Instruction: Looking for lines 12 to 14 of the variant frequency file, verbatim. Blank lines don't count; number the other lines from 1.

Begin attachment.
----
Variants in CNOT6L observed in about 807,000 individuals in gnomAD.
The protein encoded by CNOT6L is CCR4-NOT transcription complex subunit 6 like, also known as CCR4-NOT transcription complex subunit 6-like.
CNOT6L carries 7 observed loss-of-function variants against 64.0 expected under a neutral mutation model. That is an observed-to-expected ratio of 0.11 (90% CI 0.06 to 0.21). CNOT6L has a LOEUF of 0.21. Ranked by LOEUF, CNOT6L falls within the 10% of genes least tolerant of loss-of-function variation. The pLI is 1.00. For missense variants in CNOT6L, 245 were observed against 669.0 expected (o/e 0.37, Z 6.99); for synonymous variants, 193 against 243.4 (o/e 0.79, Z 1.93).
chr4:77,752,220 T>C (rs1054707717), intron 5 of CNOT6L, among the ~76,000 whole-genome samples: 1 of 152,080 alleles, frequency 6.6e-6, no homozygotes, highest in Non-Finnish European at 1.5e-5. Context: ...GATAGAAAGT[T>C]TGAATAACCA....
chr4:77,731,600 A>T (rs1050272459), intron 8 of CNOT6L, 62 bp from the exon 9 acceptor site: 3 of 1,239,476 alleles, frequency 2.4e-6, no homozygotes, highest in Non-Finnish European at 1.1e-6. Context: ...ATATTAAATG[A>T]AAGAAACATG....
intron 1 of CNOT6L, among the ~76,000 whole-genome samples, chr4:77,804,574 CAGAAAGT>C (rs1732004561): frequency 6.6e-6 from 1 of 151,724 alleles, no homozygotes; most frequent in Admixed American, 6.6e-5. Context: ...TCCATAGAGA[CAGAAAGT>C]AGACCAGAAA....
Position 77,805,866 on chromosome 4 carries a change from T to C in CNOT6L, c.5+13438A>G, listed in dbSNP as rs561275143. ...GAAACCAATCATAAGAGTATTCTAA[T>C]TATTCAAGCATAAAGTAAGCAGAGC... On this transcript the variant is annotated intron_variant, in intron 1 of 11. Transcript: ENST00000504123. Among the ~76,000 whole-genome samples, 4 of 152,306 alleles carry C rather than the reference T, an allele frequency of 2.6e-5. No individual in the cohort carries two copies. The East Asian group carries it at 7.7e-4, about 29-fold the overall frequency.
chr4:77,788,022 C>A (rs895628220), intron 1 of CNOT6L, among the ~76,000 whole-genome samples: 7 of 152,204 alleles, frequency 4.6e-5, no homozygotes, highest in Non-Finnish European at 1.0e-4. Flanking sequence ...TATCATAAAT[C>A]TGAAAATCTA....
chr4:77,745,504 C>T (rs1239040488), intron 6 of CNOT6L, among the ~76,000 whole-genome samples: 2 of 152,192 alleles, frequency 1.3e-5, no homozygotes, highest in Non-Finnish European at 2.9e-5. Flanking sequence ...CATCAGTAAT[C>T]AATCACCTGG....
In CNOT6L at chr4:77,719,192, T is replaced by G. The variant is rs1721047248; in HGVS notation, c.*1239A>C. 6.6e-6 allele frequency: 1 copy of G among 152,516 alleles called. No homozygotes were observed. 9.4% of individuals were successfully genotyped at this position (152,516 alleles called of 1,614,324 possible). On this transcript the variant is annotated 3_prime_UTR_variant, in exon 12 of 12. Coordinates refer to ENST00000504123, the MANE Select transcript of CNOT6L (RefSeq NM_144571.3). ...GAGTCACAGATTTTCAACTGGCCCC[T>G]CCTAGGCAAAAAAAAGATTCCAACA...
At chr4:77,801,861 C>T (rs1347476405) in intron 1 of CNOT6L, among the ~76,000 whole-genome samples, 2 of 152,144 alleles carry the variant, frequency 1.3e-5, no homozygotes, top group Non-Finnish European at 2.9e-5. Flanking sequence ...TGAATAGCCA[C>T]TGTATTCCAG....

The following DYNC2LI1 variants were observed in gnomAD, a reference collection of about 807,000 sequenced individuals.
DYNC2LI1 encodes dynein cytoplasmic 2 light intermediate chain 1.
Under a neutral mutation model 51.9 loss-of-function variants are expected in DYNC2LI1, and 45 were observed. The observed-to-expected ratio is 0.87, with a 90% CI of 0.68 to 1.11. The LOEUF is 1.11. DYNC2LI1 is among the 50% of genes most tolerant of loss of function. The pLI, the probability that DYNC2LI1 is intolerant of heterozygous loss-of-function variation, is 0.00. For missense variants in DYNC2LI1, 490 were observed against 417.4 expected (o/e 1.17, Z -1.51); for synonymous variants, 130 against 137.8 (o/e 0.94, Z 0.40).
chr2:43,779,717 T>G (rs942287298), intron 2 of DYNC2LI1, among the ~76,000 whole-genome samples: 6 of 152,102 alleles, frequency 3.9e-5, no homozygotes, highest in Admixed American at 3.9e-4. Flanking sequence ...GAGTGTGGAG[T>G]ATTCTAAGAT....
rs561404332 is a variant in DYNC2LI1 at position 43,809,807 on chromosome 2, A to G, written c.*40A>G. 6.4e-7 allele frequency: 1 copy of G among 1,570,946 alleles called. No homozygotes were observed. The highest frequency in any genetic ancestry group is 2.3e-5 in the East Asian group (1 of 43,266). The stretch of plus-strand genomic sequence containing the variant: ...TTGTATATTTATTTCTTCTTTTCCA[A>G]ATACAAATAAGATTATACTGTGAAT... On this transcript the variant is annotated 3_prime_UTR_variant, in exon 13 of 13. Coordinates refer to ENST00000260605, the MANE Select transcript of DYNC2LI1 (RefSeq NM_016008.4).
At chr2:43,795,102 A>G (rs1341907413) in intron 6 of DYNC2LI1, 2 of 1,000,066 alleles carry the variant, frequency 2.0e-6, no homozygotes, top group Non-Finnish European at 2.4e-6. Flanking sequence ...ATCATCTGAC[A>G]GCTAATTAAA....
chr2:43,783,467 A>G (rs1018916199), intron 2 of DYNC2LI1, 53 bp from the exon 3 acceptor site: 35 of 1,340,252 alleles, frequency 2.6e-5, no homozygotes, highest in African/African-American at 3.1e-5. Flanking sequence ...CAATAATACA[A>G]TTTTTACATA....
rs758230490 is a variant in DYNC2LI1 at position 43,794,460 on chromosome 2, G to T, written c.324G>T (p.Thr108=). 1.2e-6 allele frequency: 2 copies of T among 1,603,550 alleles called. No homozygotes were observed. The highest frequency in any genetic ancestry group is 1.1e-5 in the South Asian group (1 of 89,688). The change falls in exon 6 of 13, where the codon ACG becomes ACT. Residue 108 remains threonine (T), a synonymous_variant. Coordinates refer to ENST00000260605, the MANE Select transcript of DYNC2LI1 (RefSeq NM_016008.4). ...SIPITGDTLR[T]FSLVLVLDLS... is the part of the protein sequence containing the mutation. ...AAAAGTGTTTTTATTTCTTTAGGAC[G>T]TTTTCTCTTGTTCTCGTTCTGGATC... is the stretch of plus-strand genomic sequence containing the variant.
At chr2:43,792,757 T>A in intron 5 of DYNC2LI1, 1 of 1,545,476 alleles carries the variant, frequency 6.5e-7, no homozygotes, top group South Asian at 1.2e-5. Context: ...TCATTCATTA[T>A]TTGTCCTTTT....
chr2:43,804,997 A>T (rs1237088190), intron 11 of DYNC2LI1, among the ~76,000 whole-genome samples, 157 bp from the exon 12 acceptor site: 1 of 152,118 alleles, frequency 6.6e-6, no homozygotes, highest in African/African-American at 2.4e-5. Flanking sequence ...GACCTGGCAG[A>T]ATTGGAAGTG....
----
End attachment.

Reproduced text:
The following DYNC2LI1 variants were observed in gnomAD, a reference collection of about 807,000 sequenced individuals.
DYNC2LI1 encodes dynein cytoplasmic 2 light intermediate chain 1.
Under a neutral mutation model 51.9 loss-of-function variants are expected in DYNC2LI1, and 45 were observed. The observed-to-expected ratio is 0.87, with a 90% CI of 0.68 to 1.11. The LOEUF is 1.11. DYNC2LI1 is among the 50% of genes most tolerant of loss of function. The pLI, the probability that DYNC2LI1 is intolerant of heterozygous loss-of-function variation, is 0.00. For missense variants in DYNC2LI1, 490 were observed against 417.4 expected (o/e 1.17, Z -1.51); for synonymous variants, 130 against 137.8 (o/e 0.94, Z 0.40).